The the Editors of the Summer News:
In the article by Steven V. Roberts on July 5, "The Civil Rights Bill," you claim that continuation of massive public demonstrations by Negro action groups "might well destroy all hope for any sort of meaningful legislation." Although I agree that violence in Washington would be self-defeating, I would remind you that such organized protest represents the civil rights package's raison d'etre. Furthermore, I would submet that such organizations as the N.A.A.C.P. and C.O.R.E. must maintain the momentum of the crisis psychology.
I doubt very seriously that, as you suggest, pressure tactics would alienate the Southern moderate. You will recall that the governors of North Carolina and Kentucky (whom I would consider to be "moderates") adopted courageous antisegregation policies in response to demonstrations in their states. In addition, and perhaps more importantly, the crisis psychology creates a mood of bipartisanship. Such an atmosphere is prerequisite to invoking cloture in the Senate or by-passing the House Rules Committee (i.e., Rep. Howard Smith) through the discharge petition.
It is my view that responsibly-led, well-disciplined demonstrations enhance the prospect of a Civil Rights Act of 1963. Allan D. Schlosser.
MR. ROBERTS REPLIES: In discussing the civil rights bill now before Congress it is imperative to recognize the reality of the political situation, and decide what course of action will be most effective in securing passage of legislation that includes as much of the Administration's original package as possible. It would be unfortunate indeed if Negro leaders stick to their "principles" of direct action, and in doing so defeat all chance for legal redress of their grievances. For the tactics employed in the past by advocates of integration remain only tactics, means to the higher end of increased opportunity and equality for Negro citizens.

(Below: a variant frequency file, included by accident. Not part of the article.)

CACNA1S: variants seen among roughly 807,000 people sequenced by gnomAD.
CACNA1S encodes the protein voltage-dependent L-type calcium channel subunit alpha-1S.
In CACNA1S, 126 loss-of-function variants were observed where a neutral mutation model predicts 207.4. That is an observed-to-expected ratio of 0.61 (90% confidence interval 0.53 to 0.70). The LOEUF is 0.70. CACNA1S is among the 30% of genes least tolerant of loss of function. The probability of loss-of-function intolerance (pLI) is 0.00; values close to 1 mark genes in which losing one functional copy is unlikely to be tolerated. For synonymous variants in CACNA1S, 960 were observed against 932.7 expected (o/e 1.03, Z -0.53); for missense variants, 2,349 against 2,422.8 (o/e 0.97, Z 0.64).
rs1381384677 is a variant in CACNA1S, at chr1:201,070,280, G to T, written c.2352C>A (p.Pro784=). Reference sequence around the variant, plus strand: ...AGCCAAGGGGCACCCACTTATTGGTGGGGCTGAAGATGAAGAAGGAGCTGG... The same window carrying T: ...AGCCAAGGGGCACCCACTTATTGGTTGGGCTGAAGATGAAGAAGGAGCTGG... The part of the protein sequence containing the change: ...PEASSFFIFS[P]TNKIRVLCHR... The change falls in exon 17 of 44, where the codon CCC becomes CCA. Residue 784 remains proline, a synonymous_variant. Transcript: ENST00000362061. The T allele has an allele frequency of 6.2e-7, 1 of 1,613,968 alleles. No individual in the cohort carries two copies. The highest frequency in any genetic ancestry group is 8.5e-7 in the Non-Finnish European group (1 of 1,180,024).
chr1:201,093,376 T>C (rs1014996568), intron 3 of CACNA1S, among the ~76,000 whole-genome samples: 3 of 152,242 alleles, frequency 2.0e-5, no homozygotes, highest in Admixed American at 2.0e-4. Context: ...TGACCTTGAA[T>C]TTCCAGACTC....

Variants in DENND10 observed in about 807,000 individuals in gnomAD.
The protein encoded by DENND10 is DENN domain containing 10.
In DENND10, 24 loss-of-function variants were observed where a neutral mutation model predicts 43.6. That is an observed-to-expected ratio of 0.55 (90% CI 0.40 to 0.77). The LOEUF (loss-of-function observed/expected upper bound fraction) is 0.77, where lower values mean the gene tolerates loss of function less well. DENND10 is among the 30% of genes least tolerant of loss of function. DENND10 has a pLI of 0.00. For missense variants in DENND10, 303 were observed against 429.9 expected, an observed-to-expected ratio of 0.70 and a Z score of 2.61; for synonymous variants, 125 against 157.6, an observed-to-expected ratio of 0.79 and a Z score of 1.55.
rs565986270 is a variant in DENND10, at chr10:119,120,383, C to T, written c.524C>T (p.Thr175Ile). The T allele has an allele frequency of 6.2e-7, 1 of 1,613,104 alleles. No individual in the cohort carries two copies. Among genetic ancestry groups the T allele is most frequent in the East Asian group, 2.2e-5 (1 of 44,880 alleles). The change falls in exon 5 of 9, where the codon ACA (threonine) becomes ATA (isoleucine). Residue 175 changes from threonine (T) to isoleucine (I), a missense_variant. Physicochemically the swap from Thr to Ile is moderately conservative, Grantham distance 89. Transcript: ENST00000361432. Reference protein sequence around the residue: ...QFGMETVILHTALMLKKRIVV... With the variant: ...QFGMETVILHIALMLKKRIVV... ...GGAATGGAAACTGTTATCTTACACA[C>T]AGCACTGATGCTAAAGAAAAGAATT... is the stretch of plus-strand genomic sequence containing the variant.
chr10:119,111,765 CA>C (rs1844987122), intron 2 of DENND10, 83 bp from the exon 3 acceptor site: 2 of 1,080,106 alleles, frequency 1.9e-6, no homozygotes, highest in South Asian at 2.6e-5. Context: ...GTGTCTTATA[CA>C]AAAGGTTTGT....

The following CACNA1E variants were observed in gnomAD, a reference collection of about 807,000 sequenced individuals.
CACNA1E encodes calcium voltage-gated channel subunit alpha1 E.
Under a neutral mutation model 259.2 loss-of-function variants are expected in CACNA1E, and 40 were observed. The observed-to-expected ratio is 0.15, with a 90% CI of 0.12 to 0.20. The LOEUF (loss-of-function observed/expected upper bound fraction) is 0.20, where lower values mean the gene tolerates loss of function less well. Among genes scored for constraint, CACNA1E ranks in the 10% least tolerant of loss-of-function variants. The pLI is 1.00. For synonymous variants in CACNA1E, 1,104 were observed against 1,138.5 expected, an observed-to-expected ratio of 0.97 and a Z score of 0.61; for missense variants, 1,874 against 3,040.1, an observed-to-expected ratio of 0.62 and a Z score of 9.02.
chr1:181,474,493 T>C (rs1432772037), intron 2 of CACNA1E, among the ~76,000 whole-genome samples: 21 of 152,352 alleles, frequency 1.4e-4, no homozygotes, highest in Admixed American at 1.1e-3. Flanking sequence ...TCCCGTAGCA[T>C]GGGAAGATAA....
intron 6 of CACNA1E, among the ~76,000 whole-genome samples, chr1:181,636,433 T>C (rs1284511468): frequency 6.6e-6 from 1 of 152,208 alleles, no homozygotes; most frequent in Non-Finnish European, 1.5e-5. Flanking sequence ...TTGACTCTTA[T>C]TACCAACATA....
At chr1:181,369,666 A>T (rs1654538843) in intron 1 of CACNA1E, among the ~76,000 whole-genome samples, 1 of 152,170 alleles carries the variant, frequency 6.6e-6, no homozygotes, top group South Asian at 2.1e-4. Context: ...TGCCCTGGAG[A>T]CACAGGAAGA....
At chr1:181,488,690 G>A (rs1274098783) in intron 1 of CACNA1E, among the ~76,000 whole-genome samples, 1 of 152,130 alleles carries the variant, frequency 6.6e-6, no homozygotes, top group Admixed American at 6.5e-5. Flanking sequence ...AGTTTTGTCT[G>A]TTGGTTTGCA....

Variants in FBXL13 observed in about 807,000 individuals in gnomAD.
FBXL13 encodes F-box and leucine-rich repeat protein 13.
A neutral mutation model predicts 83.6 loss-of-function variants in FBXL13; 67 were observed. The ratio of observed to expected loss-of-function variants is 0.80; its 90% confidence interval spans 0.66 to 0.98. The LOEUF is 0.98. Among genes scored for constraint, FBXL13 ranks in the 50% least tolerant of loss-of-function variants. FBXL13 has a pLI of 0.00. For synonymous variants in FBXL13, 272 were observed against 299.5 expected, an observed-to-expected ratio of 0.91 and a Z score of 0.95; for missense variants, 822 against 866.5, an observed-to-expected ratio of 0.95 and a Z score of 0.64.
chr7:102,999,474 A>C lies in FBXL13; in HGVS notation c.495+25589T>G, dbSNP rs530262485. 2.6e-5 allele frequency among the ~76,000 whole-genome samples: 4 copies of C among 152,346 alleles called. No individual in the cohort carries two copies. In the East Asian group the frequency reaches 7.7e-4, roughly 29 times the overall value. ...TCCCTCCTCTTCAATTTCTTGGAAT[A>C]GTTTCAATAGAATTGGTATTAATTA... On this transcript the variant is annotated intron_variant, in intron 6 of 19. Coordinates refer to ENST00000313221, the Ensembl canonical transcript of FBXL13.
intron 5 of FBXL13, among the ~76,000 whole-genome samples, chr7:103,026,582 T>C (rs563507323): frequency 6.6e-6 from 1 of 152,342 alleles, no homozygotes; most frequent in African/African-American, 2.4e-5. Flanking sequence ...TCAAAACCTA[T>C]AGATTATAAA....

Our end in the present business is as strong a civil rights bill as possible. And it is my judgment, after studying the statements of men with acute political sensibilities (such as Rep. Emanuel Celler and President Kennedy), that a march on Washington by Negroes this summer will force many moderates from Southern and Western states to retrench, and vote against the bill. It is not so much a question, as Mr. Schiesser says, of "allenating" these moderates. Again, it is a question of politics. Many of these men would not be able to vote for a bill if it appeared to their constituencies that they were bowing before the threat of violence in the capital.
One of the great political myths in this country says that calm, rational deliberation is the only way to produce wise laws. Negroes have certainly gained a great deal through previous demonstrations, but they were dealing with local authorities, not federal ones; and they were often dealing with businessmen, not legislators. I am not saying that the myth is a valid one. But it maintains a strong grip on the mind of the average citizen.
So it becomes, in the end, a hard political question about numbers. At this point it appears that Negroes would lose far more votes than they would gain by marching on Washington. They already have any people who would be stirred by such a march; certainly the pictures in the newspapers of police dogs biting Negroes in Birmingham carried sufficient emotional impact. And the Negro cause will lose the votes of the moderates, many of whom have recently undergone a deep rethinking about the need for strong legislation. It is crucial that the Negro leadership give these men a chance to vote for civil rights legislation.